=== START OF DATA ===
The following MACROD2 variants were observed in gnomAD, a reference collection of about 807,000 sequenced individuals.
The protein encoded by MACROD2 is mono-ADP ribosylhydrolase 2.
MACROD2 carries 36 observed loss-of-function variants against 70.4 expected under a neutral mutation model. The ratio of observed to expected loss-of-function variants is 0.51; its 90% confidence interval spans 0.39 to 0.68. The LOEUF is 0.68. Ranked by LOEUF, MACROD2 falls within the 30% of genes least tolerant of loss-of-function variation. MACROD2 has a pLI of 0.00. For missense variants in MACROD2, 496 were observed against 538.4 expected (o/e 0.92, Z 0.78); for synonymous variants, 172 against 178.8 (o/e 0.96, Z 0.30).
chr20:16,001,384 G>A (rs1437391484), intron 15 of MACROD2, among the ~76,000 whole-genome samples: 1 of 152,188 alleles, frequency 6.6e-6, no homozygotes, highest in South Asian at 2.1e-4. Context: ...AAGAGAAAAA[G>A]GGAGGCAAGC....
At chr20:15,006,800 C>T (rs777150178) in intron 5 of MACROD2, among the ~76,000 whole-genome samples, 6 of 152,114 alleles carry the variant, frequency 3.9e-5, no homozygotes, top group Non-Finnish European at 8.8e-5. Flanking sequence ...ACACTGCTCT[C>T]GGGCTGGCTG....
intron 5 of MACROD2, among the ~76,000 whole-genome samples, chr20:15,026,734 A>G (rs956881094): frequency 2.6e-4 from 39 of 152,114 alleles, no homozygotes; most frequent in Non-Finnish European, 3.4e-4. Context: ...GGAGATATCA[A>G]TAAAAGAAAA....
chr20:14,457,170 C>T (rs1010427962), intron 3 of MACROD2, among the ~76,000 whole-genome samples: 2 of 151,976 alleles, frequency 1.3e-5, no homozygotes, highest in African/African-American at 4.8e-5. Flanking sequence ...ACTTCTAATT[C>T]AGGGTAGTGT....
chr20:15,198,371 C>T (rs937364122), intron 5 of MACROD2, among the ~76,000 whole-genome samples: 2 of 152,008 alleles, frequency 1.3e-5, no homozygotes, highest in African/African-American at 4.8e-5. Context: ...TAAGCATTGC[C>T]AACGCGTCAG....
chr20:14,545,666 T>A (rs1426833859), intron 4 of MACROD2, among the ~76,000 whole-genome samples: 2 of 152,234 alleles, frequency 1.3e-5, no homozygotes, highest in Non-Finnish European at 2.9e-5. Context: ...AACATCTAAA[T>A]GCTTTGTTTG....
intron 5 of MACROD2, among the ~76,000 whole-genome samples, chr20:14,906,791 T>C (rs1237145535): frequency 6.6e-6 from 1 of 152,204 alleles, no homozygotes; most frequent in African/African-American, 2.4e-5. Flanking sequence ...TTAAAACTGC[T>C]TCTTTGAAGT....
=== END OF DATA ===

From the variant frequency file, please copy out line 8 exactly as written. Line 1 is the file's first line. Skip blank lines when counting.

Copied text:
chr20:15,198,371 C>T (rs937364122), intron 5 of MACROD2, among the ~76,000 whole-genome samples: 2 of 152,008 alleles, frequency 1.3e-5, no homozygotes, highest in African/African-American at 4.8e-5. Context: ...TAAGCATTGC[C>T]AACGCGTCAG....